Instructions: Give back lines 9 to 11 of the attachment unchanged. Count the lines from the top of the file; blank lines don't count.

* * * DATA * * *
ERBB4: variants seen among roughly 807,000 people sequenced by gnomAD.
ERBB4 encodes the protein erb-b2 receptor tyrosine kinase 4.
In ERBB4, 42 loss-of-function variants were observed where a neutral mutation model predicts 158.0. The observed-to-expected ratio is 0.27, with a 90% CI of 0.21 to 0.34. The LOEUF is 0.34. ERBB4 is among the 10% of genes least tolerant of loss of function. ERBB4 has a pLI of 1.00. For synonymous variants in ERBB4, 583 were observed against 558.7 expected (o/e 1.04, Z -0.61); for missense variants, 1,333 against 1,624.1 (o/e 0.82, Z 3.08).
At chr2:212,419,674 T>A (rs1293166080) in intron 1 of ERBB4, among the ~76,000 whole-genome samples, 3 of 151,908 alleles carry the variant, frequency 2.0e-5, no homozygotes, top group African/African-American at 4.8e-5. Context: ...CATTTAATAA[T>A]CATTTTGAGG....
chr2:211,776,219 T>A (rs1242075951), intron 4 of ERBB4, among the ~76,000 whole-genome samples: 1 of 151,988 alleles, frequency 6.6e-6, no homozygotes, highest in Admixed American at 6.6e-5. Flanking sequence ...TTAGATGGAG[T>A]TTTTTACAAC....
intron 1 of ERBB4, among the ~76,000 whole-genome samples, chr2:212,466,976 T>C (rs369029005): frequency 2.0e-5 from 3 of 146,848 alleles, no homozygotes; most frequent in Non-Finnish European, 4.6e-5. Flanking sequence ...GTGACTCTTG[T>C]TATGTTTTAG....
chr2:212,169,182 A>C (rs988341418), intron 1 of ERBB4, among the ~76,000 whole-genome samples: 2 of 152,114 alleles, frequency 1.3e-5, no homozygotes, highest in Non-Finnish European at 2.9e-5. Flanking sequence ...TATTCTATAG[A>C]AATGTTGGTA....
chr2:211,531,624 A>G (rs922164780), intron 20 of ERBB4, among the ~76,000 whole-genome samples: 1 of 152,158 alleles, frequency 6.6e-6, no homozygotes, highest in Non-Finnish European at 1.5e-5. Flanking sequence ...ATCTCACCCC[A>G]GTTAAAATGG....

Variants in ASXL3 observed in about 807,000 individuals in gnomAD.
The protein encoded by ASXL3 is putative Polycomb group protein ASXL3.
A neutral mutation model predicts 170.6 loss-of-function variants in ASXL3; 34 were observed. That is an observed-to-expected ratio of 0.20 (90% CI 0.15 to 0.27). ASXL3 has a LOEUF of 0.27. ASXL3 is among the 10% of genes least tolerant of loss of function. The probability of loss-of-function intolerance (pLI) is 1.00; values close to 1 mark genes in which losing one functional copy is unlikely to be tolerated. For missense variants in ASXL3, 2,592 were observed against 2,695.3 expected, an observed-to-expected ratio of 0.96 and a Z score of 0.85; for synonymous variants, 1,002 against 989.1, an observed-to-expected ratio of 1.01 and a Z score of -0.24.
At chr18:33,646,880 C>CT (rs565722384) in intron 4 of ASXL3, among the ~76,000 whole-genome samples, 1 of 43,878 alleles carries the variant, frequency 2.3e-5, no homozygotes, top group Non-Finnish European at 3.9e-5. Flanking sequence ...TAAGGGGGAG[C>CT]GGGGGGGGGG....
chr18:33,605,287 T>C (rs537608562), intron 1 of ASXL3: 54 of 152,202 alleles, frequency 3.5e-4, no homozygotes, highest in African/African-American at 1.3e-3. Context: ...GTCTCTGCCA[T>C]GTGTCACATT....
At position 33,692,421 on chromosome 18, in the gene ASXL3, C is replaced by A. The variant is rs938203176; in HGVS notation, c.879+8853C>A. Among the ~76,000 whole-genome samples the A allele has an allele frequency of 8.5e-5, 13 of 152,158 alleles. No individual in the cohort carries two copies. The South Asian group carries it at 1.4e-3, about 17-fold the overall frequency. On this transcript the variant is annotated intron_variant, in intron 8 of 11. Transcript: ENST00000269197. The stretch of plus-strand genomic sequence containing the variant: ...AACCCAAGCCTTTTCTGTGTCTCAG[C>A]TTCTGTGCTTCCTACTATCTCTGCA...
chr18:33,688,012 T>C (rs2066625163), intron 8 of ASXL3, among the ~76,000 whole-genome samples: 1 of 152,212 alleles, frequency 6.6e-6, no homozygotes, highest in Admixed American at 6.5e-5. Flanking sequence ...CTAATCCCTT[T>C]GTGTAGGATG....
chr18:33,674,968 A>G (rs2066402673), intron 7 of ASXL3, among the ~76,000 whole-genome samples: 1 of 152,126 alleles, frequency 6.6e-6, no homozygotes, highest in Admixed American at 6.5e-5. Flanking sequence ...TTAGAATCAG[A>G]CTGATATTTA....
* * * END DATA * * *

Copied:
Variants in ASXL3 observed in about 807,000 individuals in gnomAD.
The protein encoded by ASXL3 is putative Polycomb group protein ASXL3.
A neutral mutation model predicts 170.6 loss-of-function variants in ASXL3; 34 were observed. That is an observed-to-expected ratio of 0.20 (90% CI 0.15 to 0.27). ASXL3 has a LOEUF of 0.27. ASXL3 is among the 10% of genes least tolerant of loss of function. The probability of loss-of-function intolerance (pLI) is 1.00; values close to 1 mark genes in which losing one functional copy is unlikely to be tolerated. For missense variants in ASXL3, 2,592 were observed against 2,695.3 expected, an observed-to-expected ratio of 0.96 and a Z score of 0.85; for synonymous variants, 1,002 against 989.1, an observed-to-expected ratio of 1.01 and a Z score of -0.24.